Refugees Face Unique Challenges as College Students

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Among them was Kodgo, now a 24-year-old graphic design major at Montgomery College in Baltimore, who arrived in July 2010. He left Togo, in West Africa, to seek asylum status through his father, already living in America. Due to the sensitivity of the subject and the safety of his family remaining in Togo, Kodgo asked that his last name not be used and could not be as open with his story as Bidar.

But he did address the stereotypes he faces, in a phone interview with ABCNews.com.

"I have shocked people when I tell them I am studying [graphic] art in college," said Kodgo, who speaks proudly although he is still clearly learning English.

He said he believes that people are surprised by his career choice because "there are certain images of Africans that people have in their mind, and being in a proper educational setting, learning graphic design is not one of them." The images are of "Africans making clicking noises when they speak" or "not wearing real clothing."

Stereotypes Plague Refugee Students

Kodgo feels that the stereotypes that plague Africans will not ruin his American college experience. "Yes, having to deal with stereotypes is something that I will have to overcome, but I feel that if I continue keeping my positive spirit and attitude, negative words will not bother me."

"I am still learning the language, so trying to understand my peers and professors can be hard; but they work with me to make my learning experience better and each day my English learning experience gets better," he added.

"As of right now, I do not have any plans to return home," he said. "However, when I graduate and begin working I plan to have enough money to go back home and help my family and friends who are in need."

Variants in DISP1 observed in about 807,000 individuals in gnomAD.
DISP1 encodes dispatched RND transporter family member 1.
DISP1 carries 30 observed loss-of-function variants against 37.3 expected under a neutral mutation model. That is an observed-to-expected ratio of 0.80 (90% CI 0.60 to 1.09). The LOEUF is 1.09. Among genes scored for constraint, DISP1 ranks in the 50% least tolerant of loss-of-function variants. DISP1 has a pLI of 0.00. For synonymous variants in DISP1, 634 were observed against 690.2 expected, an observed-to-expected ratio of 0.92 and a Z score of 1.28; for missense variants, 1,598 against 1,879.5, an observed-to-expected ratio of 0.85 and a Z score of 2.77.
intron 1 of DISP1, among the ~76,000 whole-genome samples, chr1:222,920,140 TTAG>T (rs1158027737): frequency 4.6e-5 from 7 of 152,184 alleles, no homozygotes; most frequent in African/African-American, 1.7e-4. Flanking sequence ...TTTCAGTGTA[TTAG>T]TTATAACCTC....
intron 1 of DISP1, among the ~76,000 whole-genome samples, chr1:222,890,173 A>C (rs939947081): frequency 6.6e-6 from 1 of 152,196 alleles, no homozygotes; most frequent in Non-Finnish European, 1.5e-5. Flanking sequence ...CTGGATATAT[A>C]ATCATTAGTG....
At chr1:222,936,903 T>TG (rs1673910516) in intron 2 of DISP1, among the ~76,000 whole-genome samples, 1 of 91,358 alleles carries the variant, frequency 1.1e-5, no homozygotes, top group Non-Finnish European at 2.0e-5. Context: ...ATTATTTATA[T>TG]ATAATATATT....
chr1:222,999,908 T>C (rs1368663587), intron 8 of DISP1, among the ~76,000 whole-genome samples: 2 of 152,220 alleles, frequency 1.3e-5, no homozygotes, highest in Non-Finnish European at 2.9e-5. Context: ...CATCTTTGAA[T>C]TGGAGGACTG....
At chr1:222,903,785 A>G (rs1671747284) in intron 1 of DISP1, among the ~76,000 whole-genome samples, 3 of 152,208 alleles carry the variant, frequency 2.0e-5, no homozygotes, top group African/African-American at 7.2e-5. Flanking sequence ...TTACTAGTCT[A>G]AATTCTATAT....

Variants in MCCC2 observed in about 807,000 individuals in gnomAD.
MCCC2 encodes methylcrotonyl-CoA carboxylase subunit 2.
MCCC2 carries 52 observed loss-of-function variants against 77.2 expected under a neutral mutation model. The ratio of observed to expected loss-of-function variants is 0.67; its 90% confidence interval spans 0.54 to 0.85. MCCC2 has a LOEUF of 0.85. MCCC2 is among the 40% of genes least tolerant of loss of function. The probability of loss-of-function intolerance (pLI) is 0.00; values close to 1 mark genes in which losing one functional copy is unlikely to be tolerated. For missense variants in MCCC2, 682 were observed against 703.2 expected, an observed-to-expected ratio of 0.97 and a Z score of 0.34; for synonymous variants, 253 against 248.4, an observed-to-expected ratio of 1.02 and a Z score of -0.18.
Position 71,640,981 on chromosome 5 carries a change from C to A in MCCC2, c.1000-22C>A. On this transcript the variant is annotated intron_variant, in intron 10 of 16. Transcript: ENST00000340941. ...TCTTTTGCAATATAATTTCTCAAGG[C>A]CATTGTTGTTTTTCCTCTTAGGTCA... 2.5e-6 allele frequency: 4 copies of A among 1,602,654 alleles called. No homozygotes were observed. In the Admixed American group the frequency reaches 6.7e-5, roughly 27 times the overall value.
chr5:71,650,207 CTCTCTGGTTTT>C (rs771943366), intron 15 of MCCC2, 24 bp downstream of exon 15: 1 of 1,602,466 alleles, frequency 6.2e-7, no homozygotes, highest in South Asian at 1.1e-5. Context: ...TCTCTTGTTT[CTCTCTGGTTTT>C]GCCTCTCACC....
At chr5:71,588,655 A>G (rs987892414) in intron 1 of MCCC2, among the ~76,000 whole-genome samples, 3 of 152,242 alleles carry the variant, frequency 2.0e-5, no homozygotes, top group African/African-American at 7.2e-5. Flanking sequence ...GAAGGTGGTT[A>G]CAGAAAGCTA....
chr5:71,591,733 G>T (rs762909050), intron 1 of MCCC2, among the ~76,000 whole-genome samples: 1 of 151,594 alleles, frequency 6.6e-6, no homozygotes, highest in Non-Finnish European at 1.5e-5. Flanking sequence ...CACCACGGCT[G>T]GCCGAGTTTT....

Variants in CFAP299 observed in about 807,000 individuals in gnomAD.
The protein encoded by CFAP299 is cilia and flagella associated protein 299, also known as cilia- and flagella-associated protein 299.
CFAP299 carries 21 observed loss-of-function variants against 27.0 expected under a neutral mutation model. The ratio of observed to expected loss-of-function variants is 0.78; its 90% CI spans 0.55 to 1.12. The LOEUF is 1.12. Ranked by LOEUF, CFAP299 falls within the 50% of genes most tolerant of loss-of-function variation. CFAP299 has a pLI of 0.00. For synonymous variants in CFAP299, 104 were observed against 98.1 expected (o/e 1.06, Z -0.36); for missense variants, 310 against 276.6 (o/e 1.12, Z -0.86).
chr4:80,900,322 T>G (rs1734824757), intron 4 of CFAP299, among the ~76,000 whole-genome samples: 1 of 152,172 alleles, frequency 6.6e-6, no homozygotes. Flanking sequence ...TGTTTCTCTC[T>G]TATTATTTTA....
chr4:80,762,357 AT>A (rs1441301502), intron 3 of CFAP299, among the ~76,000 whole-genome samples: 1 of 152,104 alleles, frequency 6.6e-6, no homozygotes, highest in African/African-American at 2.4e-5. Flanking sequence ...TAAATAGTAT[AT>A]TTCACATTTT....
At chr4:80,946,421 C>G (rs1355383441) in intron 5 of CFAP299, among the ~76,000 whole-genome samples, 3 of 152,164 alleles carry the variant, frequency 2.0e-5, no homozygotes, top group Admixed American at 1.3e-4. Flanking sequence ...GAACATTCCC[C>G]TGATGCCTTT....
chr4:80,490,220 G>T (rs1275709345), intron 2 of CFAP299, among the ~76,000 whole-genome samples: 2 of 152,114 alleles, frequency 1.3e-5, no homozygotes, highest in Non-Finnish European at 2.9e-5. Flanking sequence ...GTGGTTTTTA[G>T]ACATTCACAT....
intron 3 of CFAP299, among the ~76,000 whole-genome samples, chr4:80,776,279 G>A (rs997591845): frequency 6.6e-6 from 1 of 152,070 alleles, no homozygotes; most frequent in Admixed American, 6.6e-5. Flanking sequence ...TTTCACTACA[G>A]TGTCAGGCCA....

For students like Bidar and Kodgo, adjusting to college life can be difficult when their needs are different from their peers.

"Many refugee and asylee students come from countries where war and civil strife have dominated their lives," said Robert Warwick, executive director of the International Rescue Committee. "Often they and their families have had to flee their homes. They have lost their homes, belongings and in many cases, loved ones, including parents, grandparents and siblings. Often they have witnessed atrocities and can be deeply traumatized.

"Given a choice, almost all asylees and refugees would want to go home," he continued. "But this is not possible due to war and the destruction of social and economic systems in their homes."

However, both students want their American peers to know that, like them, they are your average college student.

"After reading this story, I want people to know that I'm a nice person who enjoys talking to my friends, drawing, and enjoying my time in school," said Kodgo.

"I don't want people to feel sorry for me when they read this story," said Bidar. "I'm just like every other college student; I work, I have fun, and I'm involved in on-campus extracurricular activities. The only thing I want people to take from this story is that you can do anything you set your mind to; you can make the most out of any situation and make anything possible."

ABCNews.com contributor Aja Johnson is a member of the ABC News on Campus bureau in Washington, D.C.

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